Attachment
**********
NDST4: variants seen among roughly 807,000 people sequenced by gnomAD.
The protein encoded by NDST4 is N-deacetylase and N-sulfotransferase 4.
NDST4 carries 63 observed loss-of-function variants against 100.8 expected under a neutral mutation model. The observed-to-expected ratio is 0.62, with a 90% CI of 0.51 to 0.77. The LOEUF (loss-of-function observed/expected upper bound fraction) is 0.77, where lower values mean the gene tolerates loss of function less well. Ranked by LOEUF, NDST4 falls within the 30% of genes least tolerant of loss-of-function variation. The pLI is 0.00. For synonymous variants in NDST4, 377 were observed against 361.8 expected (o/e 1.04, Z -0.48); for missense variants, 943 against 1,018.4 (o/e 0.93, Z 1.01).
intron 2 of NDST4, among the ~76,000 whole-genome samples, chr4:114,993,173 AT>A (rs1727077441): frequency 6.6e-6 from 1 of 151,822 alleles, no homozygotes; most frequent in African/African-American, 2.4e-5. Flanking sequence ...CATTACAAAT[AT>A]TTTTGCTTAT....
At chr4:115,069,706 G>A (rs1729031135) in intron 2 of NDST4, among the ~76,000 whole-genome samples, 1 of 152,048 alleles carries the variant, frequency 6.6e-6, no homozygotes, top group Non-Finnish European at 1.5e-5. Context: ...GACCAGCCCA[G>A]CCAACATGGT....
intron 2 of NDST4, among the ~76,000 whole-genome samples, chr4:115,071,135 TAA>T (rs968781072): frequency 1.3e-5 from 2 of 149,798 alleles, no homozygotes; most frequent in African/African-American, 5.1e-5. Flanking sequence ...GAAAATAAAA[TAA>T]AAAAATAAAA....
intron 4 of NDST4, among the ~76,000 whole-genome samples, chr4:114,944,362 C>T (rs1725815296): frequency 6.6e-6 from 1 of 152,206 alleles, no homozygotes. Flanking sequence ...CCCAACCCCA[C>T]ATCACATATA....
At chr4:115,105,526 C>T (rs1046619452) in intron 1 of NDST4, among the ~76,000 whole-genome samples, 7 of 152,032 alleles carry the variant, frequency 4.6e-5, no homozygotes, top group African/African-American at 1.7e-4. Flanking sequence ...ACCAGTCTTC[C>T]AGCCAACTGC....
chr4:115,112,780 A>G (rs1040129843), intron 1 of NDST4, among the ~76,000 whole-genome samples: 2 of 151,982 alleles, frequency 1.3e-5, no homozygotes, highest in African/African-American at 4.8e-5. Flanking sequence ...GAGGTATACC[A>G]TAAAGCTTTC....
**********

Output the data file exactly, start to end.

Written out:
NDST4: variants seen among roughly 807,000 people sequenced by gnomAD.
The protein encoded by NDST4 is N-deacetylase and N-sulfotransferase 4.
NDST4 carries 63 observed loss-of-function variants against 100.8 expected under a neutral mutation model. The observed-to-expected ratio is 0.62, with a 90% CI of 0.51 to 0.77. The LOEUF (loss-of-function observed/expected upper bound fraction) is 0.77, where lower values mean the gene tolerates loss of function less well. Ranked by LOEUF, NDST4 falls within the 30% of genes least tolerant of loss-of-function variation. The pLI is 0.00. For synonymous variants in NDST4, 377 were observed against 361.8 expected (o/e 1.04, Z -0.48); for missense variants, 943 against 1,018.4 (o/e 0.93, Z 1.01).
intron 2 of NDST4, among the ~76,000 whole-genome samples, chr4:114,993,173 AT>A (rs1727077441): frequency 6.6e-6 from 1 of 151,822 alleles, no homozygotes; most frequent in African/African-American, 2.4e-5. Flanking sequence ...CATTACAAAT[AT>A]TTTTGCTTAT....
At chr4:115,069,706 G>A (rs1729031135) in intron 2 of NDST4, among the ~76,000 whole-genome samples, 1 of 152,048 alleles carries the variant, frequency 6.6e-6, no homozygotes, top group Non-Finnish European at 1.5e-5. Context: ...GACCAGCCCA[G>A]CCAACATGGT....
intron 2 of NDST4, among the ~76,000 whole-genome samples, chr4:115,071,135 TAA>T (rs968781072): frequency 1.3e-5 from 2 of 149,798 alleles, no homozygotes; most frequent in African/African-American, 5.1e-5. Flanking sequence ...GAAAATAAAA[TAA>T]AAAAATAAAA....
intron 4 of NDST4, among the ~76,000 whole-genome samples, chr4:114,944,362 C>T (rs1725815296): frequency 6.6e-6 from 1 of 152,206 alleles, no homozygotes. Flanking sequence ...CCCAACCCCA[C>T]ATCACATATA....
At chr4:115,105,526 C>T (rs1046619452) in intron 1 of NDST4, among the ~76,000 whole-genome samples, 7 of 152,032 alleles carry the variant, frequency 4.6e-5, no homozygotes, top group African/African-American at 1.7e-4. Flanking sequence ...ACCAGTCTTC[C>T]AGCCAACTGC....
chr4:115,112,780 A>G (rs1040129843), intron 1 of NDST4, among the ~76,000 whole-genome samples: 2 of 151,982 alleles, frequency 1.3e-5, no homozygotes, highest in African/African-American at 4.8e-5. Flanking sequence ...GAGGTATACC[A>G]TAAAGCTTTC....